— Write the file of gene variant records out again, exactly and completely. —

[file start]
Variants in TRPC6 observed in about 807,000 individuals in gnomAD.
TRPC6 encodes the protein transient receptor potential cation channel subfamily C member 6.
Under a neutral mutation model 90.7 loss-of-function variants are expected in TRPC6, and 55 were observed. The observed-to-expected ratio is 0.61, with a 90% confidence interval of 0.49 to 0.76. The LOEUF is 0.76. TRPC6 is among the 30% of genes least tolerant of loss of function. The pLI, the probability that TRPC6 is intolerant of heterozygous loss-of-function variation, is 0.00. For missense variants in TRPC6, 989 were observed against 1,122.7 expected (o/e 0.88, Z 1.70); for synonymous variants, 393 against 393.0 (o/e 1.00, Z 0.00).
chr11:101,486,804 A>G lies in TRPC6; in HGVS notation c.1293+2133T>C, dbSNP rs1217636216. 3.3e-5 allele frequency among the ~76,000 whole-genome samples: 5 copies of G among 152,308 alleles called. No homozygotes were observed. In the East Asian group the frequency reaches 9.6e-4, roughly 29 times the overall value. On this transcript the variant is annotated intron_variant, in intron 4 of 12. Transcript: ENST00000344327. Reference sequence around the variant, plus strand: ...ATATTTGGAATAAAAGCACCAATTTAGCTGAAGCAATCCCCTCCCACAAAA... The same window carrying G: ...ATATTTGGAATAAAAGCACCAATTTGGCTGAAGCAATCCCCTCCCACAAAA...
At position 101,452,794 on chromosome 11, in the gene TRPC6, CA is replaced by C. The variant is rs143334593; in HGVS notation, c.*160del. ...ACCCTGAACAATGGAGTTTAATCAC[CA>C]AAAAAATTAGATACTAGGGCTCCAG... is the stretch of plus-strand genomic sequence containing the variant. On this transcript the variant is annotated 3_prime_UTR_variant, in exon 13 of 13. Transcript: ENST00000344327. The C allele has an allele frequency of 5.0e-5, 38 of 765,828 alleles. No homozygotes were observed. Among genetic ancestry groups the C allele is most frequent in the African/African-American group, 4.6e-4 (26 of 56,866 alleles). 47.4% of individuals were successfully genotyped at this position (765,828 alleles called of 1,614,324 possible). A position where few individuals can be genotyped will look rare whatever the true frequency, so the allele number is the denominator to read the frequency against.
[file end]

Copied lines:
Variants in TRPC6 observed in about 807,000 individuals in gnomAD.
TRPC6 encodes the protein transient receptor potential cation channel subfamily C member 6.
Under a neutral mutation model 90.7 loss-of-function variants are expected in TRPC6, and 55 were observed. The observed-to-expected ratio is 0.61, with a 90% confidence interval of 0.49 to 0.76. The LOEUF is 0.76. TRPC6 is among the 30% of genes least tolerant of loss of function. The pLI, the probability that TRPC6 is intolerant of heterozygous loss-of-function variation, is 0.00. For missense variants in TRPC6, 989 were observed against 1,122.7 expected (o/e 0.88, Z 1.70); for synonymous variants, 393 against 393.0 (o/e 1.00, Z 0.00).
chr11:101,486,804 A>G lies in TRPC6; in HGVS notation c.1293+2133T>C, dbSNP rs1217636216. 3.3e-5 allele frequency among the ~76,000 whole-genome samples: 5 copies of G among 152,308 alleles called. No homozygotes were observed. In the East Asian group the frequency reaches 9.6e-4, roughly 29 times the overall value. On this transcript the variant is annotated intron_variant, in intron 4 of 12. Transcript: ENST00000344327. Reference sequence around the variant, plus strand: ...ATATTTGGAATAAAAGCACCAATTTAGCTGAAGCAATCCCCTCCCACAAAA... The same window carrying G: ...ATATTTGGAATAAAAGCACCAATTTGGCTGAAGCAATCCCCTCCCACAAAA...
At position 101,452,794 on chromosome 11, in the gene TRPC6, CA is replaced by C. The variant is rs143334593; in HGVS notation, c.*160del. ...ACCCTGAACAATGGAGTTTAATCAC[CA>C]AAAAAATTAGATACTAGGGCTCCAG... is the stretch of plus-strand genomic sequence containing the variant. On this transcript the variant is annotated 3_prime_UTR_variant, in exon 13 of 13. Transcript: ENST00000344327. The C allele has an allele frequency of 5.0e-5, 38 of 765,828 alleles. No homozygotes were observed. Among genetic ancestry groups the C allele is most frequent in the African/African-American group, 4.6e-4 (26 of 56,866 alleles). 47.4% of individuals were successfully genotyped at this position (765,828 alleles called of 1,614,324 possible). A position where few individuals can be genotyped will look rare whatever the true frequency, so the allele number is the denominator to read the frequency against.